One reason why lawyers were so quick to see the patterns in robo-signing and mortgage documentation problems was that the same names kept cropping up on every single mortgage assignment. And the names would be listed as a Vice President and Assistant Secretary of one mortgage company in one note, and another mortgage company in another. And the handwriting on the signatures would vary wildly. And the assignment dates would be wrong.
In short, a lot of problems.
Take a look at the case of Linda Green. She worked for a document processing company owned by LPS, the company sued by its own stockholders yesterday. But in various documents, she is listed as an executive at Bank of America, Wells Fargo, US Bank, American Brokers Conduit, American Home Mortgage, A-Minus Mortgage Corporation, Arbor Mortgage, National City Bank Indiana, and dozens more. And if you look at the various mortgage assignments, you see that Green’s signature is almost always different. Clearly someone at the company was signing Linda Green’s name to these documents, where she was attesting to being an executive at scores of different companies.
Often in these records you see the name “Tywanna Thomas” under Green’s, listed as “Assistant Secretary.” Thomas’ name is written differently throughout these documents, too. Thomas also worked for Lender Processing Services.
Finally, you have to look at the dates, for more evidence of fraud. Just picking one at random, go to page 18 of what I linked. You see that this assignment of mortgage is dated March 23, 2009. But the trust that the mortgage went into comes from 2006. The trustees have 90 days, under most pooling and servicing agreements, to get the assets into the trusts. That’s not what happened here. It looks more like Lender Processing Services created documents for the servicers based on when they needed them for court, because they sought a foreclosure ruling. And so the dates are completely wrong.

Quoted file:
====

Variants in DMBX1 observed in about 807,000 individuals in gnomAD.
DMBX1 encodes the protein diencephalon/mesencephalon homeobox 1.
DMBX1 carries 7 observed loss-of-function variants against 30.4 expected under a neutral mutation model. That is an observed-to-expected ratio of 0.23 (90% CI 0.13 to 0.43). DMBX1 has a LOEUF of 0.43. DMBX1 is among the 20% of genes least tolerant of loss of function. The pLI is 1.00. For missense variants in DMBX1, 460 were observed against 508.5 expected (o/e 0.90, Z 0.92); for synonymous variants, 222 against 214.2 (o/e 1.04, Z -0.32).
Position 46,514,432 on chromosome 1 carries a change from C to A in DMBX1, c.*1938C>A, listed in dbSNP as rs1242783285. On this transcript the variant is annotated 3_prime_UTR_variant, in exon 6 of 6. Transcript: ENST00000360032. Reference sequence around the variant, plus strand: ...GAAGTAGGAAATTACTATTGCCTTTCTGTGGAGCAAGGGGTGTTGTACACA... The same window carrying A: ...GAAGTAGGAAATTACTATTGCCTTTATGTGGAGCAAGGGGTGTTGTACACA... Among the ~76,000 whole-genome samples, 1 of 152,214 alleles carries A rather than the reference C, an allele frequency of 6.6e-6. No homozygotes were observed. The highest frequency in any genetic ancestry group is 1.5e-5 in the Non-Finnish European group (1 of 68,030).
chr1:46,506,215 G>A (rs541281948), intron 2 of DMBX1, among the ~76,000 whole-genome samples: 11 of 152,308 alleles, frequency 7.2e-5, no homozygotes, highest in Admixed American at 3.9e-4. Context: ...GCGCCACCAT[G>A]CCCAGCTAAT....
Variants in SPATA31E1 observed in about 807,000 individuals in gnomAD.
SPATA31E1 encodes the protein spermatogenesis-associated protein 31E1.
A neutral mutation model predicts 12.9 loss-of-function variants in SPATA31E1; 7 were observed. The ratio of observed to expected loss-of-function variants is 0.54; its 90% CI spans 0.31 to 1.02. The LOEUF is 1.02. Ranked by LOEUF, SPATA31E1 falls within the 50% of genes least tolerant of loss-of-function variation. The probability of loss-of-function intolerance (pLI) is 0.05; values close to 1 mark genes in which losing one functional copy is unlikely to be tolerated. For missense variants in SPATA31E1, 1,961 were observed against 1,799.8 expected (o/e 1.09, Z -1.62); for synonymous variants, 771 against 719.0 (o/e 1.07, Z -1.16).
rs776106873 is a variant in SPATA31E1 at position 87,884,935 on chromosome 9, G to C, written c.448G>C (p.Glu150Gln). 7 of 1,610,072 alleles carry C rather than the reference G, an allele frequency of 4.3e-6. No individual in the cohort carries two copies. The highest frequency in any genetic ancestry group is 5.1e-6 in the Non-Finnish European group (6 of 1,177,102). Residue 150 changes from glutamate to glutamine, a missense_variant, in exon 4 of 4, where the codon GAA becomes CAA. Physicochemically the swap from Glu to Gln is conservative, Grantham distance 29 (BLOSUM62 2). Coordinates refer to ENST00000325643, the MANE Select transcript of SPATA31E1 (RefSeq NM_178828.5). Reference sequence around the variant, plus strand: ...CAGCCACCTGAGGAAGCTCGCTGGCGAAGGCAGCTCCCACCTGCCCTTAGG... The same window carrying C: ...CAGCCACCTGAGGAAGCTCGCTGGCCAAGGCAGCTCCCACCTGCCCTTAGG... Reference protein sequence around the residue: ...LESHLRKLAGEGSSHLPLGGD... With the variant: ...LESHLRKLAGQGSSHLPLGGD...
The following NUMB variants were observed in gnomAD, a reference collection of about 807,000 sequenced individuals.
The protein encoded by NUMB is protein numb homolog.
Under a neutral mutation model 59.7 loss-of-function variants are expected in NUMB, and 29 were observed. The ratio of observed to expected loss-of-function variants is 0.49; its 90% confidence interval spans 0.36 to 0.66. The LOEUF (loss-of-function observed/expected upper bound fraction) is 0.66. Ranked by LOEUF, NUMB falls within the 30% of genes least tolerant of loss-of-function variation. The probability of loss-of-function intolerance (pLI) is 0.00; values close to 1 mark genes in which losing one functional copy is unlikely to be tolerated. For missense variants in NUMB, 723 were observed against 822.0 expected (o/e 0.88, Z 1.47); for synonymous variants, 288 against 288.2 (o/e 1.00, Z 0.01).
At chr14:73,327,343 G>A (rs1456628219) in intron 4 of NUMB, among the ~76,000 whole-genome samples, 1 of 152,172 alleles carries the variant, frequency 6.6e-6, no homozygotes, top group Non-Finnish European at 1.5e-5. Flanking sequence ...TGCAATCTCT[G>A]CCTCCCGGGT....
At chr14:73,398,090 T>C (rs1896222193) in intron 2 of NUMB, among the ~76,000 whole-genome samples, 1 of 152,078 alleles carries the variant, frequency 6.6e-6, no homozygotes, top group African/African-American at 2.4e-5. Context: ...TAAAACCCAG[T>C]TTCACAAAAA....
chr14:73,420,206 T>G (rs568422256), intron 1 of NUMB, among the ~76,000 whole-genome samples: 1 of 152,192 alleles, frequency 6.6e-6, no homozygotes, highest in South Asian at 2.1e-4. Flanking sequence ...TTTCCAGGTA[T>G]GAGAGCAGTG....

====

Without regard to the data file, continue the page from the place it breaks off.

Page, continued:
There are thousands, if not tens of thousands of these Linda Green documents floating around out there. They all show varying degrees of fraud – either forged signatures, impersonation of an officer of a bank or improper conveyance of a mortgage into a trust. The amount of wrongdoing here is so widespread, that people should assume that any document from their mortgage company is devoid of meaning.
UPDATE: You have to get back the emphasis on bank balance sheets and sales here, but Cantor Fitzgerald is basically calling this systemic.